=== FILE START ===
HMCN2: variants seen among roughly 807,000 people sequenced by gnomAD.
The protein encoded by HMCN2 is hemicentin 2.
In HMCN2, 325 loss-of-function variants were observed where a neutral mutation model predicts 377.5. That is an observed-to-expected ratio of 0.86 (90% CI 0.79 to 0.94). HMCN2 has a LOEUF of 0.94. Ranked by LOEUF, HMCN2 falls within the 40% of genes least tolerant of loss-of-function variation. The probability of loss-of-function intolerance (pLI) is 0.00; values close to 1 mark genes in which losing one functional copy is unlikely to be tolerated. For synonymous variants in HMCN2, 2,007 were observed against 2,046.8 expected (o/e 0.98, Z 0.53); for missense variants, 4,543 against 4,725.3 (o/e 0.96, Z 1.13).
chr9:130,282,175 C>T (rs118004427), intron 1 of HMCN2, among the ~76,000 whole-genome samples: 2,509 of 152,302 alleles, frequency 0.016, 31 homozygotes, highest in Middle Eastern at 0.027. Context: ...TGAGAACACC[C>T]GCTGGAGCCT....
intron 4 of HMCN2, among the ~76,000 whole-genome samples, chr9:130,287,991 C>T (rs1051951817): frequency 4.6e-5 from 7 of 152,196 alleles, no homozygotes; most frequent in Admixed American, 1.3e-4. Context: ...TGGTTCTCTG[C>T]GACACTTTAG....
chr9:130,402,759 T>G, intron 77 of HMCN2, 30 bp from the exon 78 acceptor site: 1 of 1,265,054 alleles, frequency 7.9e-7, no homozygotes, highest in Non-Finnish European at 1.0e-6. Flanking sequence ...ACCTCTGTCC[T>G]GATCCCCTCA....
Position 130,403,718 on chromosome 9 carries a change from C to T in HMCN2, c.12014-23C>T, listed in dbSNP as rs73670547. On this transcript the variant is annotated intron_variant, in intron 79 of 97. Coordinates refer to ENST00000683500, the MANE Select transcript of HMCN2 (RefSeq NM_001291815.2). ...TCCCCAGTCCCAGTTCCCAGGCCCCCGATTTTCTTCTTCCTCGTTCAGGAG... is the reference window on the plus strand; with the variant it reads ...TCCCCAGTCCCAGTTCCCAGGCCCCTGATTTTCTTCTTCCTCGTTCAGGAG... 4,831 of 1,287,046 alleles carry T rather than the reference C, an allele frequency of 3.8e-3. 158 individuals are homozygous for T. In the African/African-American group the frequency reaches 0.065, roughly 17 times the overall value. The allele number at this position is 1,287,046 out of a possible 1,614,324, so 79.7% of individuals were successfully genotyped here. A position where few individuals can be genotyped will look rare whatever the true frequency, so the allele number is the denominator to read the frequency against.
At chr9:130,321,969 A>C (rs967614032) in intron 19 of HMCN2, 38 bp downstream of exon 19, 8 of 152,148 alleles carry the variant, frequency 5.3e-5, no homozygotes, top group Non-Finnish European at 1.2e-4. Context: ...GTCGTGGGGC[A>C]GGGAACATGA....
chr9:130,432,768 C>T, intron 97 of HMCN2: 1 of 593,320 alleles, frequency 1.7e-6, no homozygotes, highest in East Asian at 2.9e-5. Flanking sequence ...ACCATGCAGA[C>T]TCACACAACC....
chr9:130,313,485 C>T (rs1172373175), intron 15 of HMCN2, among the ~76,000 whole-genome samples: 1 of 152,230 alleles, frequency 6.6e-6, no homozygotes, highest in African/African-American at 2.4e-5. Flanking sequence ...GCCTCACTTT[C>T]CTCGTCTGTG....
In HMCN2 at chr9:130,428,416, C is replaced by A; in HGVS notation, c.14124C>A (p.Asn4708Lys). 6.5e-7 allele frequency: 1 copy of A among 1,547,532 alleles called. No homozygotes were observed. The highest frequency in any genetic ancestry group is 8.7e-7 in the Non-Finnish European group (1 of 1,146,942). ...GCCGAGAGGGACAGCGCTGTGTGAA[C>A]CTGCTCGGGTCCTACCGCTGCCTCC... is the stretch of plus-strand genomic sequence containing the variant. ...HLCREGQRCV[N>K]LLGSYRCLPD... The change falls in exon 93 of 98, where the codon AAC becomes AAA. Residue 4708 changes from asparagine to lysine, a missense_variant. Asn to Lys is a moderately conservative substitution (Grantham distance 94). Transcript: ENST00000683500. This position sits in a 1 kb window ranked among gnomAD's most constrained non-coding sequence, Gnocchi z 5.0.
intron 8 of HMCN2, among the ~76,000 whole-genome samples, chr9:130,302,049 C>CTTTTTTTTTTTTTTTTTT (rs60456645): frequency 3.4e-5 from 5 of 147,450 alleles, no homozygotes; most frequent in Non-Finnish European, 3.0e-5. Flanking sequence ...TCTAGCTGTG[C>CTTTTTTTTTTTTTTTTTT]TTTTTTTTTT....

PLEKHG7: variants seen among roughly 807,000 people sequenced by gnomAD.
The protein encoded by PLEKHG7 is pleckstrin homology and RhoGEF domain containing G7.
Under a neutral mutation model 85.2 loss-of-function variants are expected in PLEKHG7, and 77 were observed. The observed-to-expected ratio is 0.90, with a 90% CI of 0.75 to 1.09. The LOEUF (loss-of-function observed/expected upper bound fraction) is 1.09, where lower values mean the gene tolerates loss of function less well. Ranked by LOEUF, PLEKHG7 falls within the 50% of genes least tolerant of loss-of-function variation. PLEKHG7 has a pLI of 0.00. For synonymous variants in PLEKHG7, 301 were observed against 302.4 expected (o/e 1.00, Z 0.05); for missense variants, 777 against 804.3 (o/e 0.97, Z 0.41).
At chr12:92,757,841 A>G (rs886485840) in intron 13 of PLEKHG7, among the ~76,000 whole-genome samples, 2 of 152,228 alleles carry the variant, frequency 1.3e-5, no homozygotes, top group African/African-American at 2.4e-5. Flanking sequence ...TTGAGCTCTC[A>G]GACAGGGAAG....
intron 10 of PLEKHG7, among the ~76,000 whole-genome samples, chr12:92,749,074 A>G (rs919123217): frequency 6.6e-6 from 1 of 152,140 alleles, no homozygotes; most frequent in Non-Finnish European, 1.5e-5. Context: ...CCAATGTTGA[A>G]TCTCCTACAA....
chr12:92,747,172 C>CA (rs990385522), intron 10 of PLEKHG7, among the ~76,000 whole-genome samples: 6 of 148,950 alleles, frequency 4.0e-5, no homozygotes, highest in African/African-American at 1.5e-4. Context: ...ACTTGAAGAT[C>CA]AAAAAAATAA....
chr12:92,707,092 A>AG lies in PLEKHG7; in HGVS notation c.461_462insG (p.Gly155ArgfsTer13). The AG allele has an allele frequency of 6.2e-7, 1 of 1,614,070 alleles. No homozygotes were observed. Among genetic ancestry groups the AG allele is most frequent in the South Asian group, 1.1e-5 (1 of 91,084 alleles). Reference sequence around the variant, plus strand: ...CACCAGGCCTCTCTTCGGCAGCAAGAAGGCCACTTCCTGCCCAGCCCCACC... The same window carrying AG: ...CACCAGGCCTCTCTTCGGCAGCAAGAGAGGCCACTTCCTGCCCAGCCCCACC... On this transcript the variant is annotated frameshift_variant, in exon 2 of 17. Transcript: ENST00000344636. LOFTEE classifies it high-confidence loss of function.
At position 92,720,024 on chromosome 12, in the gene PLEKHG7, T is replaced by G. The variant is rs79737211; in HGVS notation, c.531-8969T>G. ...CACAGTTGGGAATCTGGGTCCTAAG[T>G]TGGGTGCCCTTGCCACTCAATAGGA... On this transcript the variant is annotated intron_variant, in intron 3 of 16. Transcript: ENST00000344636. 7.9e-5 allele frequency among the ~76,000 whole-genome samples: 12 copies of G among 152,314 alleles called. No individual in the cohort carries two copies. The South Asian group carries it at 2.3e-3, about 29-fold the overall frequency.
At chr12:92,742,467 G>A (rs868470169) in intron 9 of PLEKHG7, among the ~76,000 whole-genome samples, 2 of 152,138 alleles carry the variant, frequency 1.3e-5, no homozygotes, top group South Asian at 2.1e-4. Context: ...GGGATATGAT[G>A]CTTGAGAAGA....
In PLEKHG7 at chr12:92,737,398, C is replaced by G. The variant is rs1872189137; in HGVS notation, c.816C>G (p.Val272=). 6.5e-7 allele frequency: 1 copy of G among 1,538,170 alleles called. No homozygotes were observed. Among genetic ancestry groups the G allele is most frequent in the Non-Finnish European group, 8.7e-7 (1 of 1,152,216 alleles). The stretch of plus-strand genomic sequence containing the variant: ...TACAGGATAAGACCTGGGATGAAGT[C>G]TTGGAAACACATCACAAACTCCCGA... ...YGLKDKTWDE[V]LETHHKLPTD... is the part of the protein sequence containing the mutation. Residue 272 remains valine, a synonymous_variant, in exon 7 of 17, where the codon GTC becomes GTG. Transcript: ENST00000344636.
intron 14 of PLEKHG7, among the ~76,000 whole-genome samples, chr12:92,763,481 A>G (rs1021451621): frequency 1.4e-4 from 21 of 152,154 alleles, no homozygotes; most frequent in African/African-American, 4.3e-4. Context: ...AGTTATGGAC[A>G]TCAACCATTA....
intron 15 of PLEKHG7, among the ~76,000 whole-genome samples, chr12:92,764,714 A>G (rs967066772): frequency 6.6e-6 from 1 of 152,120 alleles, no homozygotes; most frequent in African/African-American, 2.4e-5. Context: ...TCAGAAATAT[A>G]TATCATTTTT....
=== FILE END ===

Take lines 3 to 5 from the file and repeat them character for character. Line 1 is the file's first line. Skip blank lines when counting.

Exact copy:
In HMCN2, 325 loss-of-function variants were observed where a neutral mutation model predicts 377.5. That is an observed-to-expected ratio of 0.86 (90% CI 0.79 to 0.94). HMCN2 has a LOEUF of 0.94. Ranked by LOEUF, HMCN2 falls within the 40% of genes least tolerant of loss-of-function variation. The probability of loss-of-function intolerance (pLI) is 0.00; values close to 1 mark genes in which losing one functional copy is unlikely to be tolerated. For synonymous variants in HMCN2, 2,007 were observed against 2,046.8 expected (o/e 0.98, Z 0.53); for missense variants, 4,543 against 4,725.3 (o/e 0.96, Z 1.13).
chr9:130,282,175 C>T (rs118004427), intron 1 of HMCN2, among the ~76,000 whole-genome samples: 2,509 of 152,302 alleles, frequency 0.016, 31 homozygotes, highest in Middle Eastern at 0.027. Context: ...TGAGAACACC[C>T]GCTGGAGCCT....
intron 4 of HMCN2, among the ~76,000 whole-genome samples, chr9:130,287,991 C>T (rs1051951817): frequency 4.6e-5 from 7 of 152,196 alleles, no homozygotes; most frequent in Admixed American, 1.3e-4. Context: ...TGGTTCTCTG[C>T]GACACTTTAG....